• Fourth thursday of November. Thanksgiving. In 1621 William Bradford, the Governor of Massachusetts, decided to have a thanks­giving dinner for all the people. He wanted to thank God for many things. It was a difficult year, but the people still had food to eat. He wanted a way to share this good fortune with the American Indians who helped them. That meal lasted three days. Today the traditional Thanksgiving meal is similar to the first. Usually there is turkey, sweet potatoes, corn, and pumpkin pie. Thanksgiving is a special day for families to get together.
  • Last Monday of May. Memorial Day.This special day is for people to remember those who died in wars. Many people remember their dead friends and relatives on this day too.
  • Fourth of July. Independence Day.On this day in 1776, the United States declared her independence from England. It was the beginning of a new nation. On the Fourth of July families and friends celebrate, and every town and city has parades, games, and sports with prizes. There are picnics and barbecues, and in the evening there are big firework displays. 


    In the nineteenth century thousands of cowboys worked on big ranches in the west. Often they spent weeks away from the ranch house, "rounding up" cattle and taking them to the markets or railway yards. At the end of a round-up they held competitions to see who was best at roping a cow, riding a wild horse or bull, or shooting. These competitions were called rodeos. Rodeos became more popular toward the end of the century. They are still popular today —there are around five hundred rodeos each year in the U.S. Modern rodeos have brass bands, singing cowboys, and clowns. The largest rodeo is Cheyenne Frontier Days in Wyoming, and it lasts for one week.

    High school homecomings

    "Homecoming" is held every fall by many high schools and colleges, especially in small towns. It is a week-long celebration for all the former graduates and present students of that particular high school or college. On the first night there may be a school show with funny plays and music. Then the homecoming queen is crowned. She is chosen by the students of the school. Over the next few days the homecoming queen rides in the parade and opens the sports event —usually a football game. There are parties, dances, and dinners for the old and new students and their friends and parents.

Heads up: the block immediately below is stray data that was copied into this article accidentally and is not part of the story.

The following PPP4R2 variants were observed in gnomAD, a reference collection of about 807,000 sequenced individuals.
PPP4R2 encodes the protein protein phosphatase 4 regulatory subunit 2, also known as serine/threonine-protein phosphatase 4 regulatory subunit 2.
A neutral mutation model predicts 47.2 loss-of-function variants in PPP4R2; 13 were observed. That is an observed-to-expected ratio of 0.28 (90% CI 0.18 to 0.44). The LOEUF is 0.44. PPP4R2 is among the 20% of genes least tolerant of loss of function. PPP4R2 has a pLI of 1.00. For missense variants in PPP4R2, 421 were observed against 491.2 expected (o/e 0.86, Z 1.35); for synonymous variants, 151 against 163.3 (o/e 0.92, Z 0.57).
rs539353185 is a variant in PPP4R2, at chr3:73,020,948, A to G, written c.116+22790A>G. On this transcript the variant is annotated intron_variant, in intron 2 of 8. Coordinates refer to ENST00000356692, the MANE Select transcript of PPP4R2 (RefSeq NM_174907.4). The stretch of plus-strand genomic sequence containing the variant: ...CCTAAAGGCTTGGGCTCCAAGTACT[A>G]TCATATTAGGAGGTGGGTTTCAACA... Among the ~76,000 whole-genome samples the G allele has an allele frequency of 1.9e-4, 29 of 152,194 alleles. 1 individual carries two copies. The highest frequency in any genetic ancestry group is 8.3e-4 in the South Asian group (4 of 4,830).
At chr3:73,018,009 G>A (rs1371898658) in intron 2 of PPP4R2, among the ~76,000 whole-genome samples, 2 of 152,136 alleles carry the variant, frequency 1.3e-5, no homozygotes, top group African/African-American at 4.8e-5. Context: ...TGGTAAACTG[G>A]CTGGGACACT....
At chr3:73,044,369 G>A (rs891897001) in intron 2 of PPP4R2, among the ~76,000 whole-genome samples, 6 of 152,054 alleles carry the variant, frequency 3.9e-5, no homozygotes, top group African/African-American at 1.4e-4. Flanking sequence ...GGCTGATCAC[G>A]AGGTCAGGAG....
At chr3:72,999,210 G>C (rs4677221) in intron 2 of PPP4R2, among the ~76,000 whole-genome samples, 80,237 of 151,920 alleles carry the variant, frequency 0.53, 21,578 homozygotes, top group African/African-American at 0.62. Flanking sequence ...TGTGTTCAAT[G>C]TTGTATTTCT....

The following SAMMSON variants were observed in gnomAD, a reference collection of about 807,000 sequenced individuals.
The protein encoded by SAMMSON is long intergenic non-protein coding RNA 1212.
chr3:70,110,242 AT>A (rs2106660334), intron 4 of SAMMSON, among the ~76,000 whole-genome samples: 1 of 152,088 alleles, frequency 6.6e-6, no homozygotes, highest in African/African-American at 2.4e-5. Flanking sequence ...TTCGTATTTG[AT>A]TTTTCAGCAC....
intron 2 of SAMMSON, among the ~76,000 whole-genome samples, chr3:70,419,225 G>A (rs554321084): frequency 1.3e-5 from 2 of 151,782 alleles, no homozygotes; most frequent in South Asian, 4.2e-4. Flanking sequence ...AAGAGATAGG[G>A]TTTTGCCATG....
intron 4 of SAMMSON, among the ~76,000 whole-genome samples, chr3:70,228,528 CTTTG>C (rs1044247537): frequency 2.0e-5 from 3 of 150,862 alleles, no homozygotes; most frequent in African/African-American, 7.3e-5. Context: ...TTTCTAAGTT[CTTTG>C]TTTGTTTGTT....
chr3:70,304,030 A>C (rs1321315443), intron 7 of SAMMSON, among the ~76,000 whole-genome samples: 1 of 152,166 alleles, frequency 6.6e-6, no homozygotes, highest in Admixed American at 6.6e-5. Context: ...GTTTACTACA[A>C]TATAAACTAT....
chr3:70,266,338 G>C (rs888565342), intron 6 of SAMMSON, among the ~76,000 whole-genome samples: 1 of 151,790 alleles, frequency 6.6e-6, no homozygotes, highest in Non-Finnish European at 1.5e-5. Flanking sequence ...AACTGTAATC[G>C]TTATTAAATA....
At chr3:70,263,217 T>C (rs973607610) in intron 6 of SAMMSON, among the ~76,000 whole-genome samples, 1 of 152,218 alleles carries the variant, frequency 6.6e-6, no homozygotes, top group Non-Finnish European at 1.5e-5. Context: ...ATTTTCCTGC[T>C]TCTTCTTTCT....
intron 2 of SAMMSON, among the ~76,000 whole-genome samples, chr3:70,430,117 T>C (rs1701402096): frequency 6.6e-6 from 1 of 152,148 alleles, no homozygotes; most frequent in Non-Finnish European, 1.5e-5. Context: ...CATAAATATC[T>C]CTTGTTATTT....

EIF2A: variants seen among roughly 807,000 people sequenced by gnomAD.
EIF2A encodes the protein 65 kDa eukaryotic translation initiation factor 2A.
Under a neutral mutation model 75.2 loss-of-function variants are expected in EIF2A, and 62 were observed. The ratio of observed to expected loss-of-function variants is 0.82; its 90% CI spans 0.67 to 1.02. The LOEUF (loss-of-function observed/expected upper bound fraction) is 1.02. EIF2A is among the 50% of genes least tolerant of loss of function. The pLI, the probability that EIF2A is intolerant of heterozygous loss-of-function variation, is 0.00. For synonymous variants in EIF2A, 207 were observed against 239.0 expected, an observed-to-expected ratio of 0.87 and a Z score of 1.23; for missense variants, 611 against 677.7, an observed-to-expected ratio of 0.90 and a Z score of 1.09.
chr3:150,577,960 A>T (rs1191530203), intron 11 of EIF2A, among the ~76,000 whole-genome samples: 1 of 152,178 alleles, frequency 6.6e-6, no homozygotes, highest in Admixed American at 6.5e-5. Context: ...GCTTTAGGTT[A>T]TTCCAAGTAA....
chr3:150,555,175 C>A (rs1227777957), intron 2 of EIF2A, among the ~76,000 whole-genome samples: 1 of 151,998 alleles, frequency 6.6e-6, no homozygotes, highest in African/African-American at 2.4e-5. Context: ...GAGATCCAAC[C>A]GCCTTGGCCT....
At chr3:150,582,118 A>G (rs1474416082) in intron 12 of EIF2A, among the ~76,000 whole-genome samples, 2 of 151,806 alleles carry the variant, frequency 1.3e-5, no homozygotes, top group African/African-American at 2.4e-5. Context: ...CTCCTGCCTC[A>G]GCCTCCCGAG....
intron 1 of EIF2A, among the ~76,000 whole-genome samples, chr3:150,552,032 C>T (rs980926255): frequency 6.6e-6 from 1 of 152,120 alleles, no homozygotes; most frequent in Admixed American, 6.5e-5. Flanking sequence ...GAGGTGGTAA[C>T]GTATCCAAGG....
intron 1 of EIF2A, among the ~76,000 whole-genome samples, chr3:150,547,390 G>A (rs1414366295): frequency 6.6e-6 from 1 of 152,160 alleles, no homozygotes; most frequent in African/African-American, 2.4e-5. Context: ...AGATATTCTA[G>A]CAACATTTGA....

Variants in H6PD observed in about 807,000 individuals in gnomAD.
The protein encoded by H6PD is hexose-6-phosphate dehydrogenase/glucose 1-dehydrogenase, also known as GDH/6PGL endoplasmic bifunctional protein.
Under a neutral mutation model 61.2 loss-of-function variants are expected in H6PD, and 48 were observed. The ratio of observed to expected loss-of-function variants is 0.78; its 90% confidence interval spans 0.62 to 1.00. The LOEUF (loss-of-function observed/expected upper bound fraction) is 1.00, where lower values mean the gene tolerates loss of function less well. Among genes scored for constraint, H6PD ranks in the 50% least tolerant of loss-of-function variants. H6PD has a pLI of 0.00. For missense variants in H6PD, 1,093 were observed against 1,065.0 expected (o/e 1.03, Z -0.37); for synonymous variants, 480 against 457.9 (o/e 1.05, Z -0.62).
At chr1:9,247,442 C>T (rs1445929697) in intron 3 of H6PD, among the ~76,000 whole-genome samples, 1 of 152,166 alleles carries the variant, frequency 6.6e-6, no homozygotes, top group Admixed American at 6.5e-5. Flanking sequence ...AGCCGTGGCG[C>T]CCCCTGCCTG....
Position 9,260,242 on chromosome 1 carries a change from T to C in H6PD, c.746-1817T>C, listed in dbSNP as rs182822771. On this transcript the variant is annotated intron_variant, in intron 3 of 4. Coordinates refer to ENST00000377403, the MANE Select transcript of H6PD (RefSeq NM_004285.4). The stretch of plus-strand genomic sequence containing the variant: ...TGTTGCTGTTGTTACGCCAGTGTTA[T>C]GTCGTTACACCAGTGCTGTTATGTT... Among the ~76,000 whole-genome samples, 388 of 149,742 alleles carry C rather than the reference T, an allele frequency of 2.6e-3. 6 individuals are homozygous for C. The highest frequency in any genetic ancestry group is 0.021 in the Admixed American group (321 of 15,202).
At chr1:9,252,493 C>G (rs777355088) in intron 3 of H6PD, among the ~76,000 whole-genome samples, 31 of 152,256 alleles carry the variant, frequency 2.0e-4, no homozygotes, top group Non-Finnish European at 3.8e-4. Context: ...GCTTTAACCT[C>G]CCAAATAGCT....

Sports in the United States is an important part of American culture. The four most popular team sports are ones that developed in North America: American football, baseball, basketball and ice hockey. The major leagues of these sports, the National Football League (NFL), the Major League Baseball (MLB), the National Basketball Association (NBA) and the National Hockey League (NHL) enjoy massive media exposure and are considered the preeminent competitions in their respective sports in the world. 

    Each of these leagues besides  the NFL have teams that play in Canada, and all four among    the most lucrative sports leagues in the world. Soccer  (association football) is less popular as a spectator sport in the United States than it is in many other countries, though it has wide amateur participation, particularly among youths.

    Professional teams in all major sports operate as franchises within a league. All major sports leagues use the same type of schedule with a playoff tournament after the regular season ends. In addition Professional teams in all major sports operate as franchises within a league. All major sports leagues use the same type of schedule with a playoff tournament after the regular season ends. In addition to the major league-level organizations, several sports also have professional minor leagues.

    Sports are particularly associated with education in the United States, with most high schools and universities having organized sports. College sports competitions play an important role in the American sporting culture. In many cases college athletics are more popular than professional sports, with the major sanctioning body being the NCAA.